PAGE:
As CBD has been reported to decrease heart rate and to show anxiolytic effects in humans, this effect has been investigated in horses using a single oral administration of CBD paste at dosages of 0.2 mg/kg, 1 mg/kg, 3 mg/kg to healthy horses. Stress parameters, including behavioural observations and heart rate monitoring did not identify any significant differences when compared to a control group. It is possible that higher doses, or administration over longer time periods, may affect behaviour or, as horses in the current study were healthy and displayed calm behaviour throughout, a different effect would have been seen in stressed or anxious horses. The same research group then investigated the effect of oral CBD at 3 mg/kg twice daily for 15 days but, again, found it had no significant effect on behavioural observations, including during a novel object test, or cortisol levels, heart rate and heart rate variability in horses.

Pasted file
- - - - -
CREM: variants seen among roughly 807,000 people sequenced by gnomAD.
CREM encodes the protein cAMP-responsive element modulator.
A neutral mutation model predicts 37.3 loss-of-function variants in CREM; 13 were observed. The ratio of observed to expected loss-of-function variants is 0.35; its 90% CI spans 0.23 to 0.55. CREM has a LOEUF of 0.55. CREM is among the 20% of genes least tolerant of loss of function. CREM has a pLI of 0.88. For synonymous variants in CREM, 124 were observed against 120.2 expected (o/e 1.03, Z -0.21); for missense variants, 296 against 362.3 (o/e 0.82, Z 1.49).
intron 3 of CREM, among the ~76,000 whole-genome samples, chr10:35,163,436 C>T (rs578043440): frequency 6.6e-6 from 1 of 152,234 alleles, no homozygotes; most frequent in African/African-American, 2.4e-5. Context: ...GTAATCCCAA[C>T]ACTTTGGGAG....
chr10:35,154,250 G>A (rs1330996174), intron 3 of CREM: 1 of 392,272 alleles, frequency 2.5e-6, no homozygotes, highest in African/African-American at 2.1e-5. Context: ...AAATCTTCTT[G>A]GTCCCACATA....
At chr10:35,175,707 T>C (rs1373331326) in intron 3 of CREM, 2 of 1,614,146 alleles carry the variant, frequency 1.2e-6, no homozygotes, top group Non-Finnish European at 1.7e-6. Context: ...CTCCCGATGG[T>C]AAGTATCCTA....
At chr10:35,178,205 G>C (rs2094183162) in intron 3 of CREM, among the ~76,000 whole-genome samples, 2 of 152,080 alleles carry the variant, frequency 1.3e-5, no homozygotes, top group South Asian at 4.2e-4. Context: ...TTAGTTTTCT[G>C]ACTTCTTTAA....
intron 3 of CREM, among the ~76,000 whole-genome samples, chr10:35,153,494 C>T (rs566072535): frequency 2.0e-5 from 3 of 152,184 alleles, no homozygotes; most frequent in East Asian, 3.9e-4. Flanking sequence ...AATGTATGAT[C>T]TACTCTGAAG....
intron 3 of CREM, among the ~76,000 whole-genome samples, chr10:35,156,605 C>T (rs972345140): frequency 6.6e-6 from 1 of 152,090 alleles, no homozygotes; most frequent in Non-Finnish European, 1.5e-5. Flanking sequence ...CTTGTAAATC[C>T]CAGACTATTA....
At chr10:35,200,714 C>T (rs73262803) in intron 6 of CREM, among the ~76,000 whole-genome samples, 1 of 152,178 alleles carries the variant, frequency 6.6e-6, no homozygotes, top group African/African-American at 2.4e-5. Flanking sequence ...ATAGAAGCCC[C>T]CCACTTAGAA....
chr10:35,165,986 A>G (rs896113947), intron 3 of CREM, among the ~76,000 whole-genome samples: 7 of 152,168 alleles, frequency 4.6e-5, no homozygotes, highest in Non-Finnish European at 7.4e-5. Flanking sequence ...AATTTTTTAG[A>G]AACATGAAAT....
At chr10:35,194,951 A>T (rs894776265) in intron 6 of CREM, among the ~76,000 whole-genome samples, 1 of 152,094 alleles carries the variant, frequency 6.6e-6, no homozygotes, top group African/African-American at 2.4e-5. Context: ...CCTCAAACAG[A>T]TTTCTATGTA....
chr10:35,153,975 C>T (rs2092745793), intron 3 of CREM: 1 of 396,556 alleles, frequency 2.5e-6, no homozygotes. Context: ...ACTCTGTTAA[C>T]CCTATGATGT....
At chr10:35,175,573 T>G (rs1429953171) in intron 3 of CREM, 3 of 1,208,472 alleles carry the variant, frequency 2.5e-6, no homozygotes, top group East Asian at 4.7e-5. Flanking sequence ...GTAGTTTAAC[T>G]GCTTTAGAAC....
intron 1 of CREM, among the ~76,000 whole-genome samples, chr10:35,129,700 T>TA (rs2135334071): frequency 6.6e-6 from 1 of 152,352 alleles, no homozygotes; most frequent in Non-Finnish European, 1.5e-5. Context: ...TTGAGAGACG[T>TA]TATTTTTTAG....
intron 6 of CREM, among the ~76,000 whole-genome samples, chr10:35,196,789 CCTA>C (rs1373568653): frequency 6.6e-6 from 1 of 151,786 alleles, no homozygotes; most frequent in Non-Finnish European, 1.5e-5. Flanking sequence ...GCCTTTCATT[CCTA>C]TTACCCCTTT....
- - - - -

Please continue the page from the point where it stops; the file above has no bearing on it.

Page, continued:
What’s my conclusion?
Oral CBD products can be absorbed by horses and are distributed to tissues where cannabidiol receptors are present. Some evidence exists that oral administration can lead to improvement in stereotypical behaviour or skin hypersensitivity. However, these are limited to single case reports.
As yet, there is no evidence that CBD reduces lameness or anxiety, although more research is needed into therapeutic dosages. It is possible that different dosages of CBD are necessary for different therapeutic effects, and it is likely that more studies will be forthcoming to shed further light on this subject.
Many CBD products are available, but it is important to calculate the actual dose given to the horse. Based on the limited data available, dosages less than 0.5mg/kg are extremely unlikely to exert any effect. For a 500kg horse, a dose of 0.5mg/kg would equate to giving 250mg CBD.
Caution should be taken if using CBD in a competition horse as it is likely to remain detectable in urine and blood samples for a considerable period of time following the last dose.